The Pharma Dialogue – a process involving regular meetings between the German government and the pharmaceutical industry which started in 2014 – was completed early this year, leading to the publication in late April of a long list of plans for inclusion in a new legal amendment, which emerged several months later in July in the form of the Pharmaceutical Care Strengthening Act (Arzneimittel-Versorgungsstärkungsgesetz – AM-VSG).

High-cost drugs

Although statutory health insurance (GKV) funds were not involved in the Pharma Dialogue, throughout the process, they have been commenting from the sidelines and putting forward their own proposals. If the whole process were to be seen as a football match with the industry on one side and the GKV funds on the other, it would probably be a high-scoring draw; however, the industry feels that the funds have sneaked a late goal in extra time – and they may have a point.

During 2014 and 2015, the topic of high drug prices was uppermost among the concerns of the funds, hepatitis C drug Sovaldi (sofosbuvir; Gilead Sciences, United States) being the poster boy for the funds’ pleas for changes to the AMNOG law. The change most desired by the funds was for the year’s free pricing after launch for drugs undergoing AMNOG assessments to be abolished. They wanted the discounted reimbursement prices negotiated after early benefit assessment procedures to apply retroactively from the date of a drug’s entry on to the market. They argued that the industry was profiteering by setting what they described as ‘cosmically high’ prices in this first year.

EUR250-million revenue threshold proposed

The solution proposed by the government in the first draft of the AM-VSG is for a revenue threshold during this ‘free-pricing year’ of EUR250 million (USD283 million). If the revenue from the sales of a drug undergoing an AMNOG procedure exceeds this amount before the end of the free-pricing year, the negotiated discount price will apply from the time at which the threshold is exceeded. This may be a slight win for the pharma industry, considering the funds’ position on the matter.

However, when it comes to the plan in the AM-VSG to extend the price freeze in force for medicines not subject to reference pricing from the end of 2017 (it had been extended from the end of 2013) to the end of 2022, the industry is on the losing side. The government has conceded a little by offering the opportunity to increase prices by up to the rate of inflation starting in 2018.

Confidential discounted prices

The plan to make negotiated discount prices confidential, with the aim of encouraging pharmaceutical companies to offer higher discounts, would appear to have some negative implications for the industry. Under the assumption that producers offer less generous discounts because of concerns about the impact of these on prices in countries which reference Germany under IRP, the German authorities may be expecting greater discounts when this change is implemented, potentially making the negotiation process more challenging.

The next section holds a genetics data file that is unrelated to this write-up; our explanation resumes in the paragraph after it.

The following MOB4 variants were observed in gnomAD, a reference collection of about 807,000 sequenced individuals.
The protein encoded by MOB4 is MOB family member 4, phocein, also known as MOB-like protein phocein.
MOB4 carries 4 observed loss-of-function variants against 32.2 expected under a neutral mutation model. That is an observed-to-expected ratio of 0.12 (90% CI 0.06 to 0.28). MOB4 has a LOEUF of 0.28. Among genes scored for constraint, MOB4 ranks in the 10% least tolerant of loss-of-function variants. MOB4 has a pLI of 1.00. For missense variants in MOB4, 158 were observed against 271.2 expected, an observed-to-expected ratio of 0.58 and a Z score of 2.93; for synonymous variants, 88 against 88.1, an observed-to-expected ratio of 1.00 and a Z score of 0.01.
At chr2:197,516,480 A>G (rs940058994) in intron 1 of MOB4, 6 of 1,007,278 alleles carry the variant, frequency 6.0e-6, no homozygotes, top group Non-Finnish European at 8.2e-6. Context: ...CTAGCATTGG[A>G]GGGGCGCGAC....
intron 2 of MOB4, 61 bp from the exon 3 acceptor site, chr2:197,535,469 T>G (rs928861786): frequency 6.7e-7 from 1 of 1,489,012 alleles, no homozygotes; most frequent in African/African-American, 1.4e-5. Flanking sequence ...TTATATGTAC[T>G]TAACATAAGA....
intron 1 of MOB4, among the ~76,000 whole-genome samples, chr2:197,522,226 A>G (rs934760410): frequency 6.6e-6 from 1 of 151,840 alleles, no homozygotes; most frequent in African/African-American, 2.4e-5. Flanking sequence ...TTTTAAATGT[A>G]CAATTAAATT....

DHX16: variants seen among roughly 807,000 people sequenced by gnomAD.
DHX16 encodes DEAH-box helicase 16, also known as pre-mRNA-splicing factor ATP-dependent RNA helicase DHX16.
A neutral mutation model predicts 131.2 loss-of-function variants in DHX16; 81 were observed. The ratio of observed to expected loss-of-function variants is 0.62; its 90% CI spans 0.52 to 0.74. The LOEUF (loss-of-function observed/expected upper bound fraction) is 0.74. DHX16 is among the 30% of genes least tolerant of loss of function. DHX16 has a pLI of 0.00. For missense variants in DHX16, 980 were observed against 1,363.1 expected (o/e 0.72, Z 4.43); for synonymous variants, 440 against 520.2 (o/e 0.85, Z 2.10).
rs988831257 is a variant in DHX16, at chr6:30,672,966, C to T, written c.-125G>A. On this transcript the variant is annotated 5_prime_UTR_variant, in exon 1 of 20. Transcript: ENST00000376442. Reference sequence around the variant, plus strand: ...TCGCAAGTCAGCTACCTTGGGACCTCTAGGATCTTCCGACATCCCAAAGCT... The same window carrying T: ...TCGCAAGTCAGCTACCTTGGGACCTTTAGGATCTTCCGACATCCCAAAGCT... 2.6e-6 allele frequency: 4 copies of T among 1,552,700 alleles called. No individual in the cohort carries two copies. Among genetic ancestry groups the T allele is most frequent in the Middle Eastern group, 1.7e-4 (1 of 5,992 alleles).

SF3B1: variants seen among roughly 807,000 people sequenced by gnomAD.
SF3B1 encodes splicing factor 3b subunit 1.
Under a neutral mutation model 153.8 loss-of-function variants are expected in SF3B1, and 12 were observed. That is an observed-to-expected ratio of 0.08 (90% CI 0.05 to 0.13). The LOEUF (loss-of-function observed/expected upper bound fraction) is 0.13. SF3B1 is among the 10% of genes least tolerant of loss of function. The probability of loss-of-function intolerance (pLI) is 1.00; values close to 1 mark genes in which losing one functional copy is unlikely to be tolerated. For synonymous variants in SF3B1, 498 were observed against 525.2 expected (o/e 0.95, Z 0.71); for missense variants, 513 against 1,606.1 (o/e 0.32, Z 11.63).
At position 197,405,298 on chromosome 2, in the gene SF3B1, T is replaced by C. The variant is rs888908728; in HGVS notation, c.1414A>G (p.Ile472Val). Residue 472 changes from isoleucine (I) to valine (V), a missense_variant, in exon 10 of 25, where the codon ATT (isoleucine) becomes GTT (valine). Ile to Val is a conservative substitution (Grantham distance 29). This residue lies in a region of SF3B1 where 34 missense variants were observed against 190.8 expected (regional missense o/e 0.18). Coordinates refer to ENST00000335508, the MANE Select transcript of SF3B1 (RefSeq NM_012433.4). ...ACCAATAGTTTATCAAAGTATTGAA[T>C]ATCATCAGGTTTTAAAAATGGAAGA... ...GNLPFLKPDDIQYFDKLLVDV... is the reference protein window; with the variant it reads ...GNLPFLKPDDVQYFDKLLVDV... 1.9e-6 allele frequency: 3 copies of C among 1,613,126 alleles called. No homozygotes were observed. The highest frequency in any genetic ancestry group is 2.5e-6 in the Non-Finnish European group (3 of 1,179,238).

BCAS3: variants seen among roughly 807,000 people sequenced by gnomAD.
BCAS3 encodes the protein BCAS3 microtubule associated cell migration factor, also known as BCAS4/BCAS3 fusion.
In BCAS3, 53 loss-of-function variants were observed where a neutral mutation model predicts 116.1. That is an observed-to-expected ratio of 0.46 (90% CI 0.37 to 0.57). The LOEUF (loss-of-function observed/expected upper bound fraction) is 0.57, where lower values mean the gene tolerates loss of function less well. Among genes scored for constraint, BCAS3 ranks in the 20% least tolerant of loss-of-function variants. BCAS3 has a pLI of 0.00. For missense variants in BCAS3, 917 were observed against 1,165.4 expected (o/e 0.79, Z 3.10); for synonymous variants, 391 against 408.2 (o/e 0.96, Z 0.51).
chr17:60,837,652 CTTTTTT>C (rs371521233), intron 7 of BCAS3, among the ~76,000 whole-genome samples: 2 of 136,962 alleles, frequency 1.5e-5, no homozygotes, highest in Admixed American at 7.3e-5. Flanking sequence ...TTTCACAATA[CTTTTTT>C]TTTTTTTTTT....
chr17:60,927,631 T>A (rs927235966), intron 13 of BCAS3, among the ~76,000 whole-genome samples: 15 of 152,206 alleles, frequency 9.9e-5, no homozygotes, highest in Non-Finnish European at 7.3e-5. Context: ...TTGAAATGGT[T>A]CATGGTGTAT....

Flexibility in choice of appropriate comparator – in certain cases

A positive point for the industry is the plan to allow for flexibility in which appropriate comparator should be used in the setting of the price of a drug for which no added benefit has been recognised by the G-BA. This will only be allowed in certain cases when the drug is judged to be an important therapy option. Currently, if a drug judged to show no additional benefit is the subject of price negotiation, and if there are a number of possible appropriate comparators, the cheapest one has to be referred to in price setting.

Industry speaks out against plans for reimbursement restrictions before price talks

But the decisive blow for the industry may be a point which was not present at the time of the dialogue and which is certainly more beneficial to the funds, from a cost-saving perspective. It is proposed that the G-BA will be able to limit the patient groups for which a drug can be reimbursed at the same time as it makes its final decision on the extent of the added benefit of the drug. Thus, if it has not been possible to establish an added benefit for particular groups, they could be excluded from reimbursement even before they are subject to price negotiations. Considering the formal strictness of the benefit assessment process, this could mean that in future, patients who could benefit from a drug would be excluded from reimbursement because for their particular group, an added benefit could not be demonstrated. Germany’s main innovative pharmaceutical associations, the BPI and the vfa, have spoken out strongly against this proposal.

The first draft of the AM-VSG will be put to the cabinet, after consultation, at the end of September; the pharma-industry specific consultation has already been completed.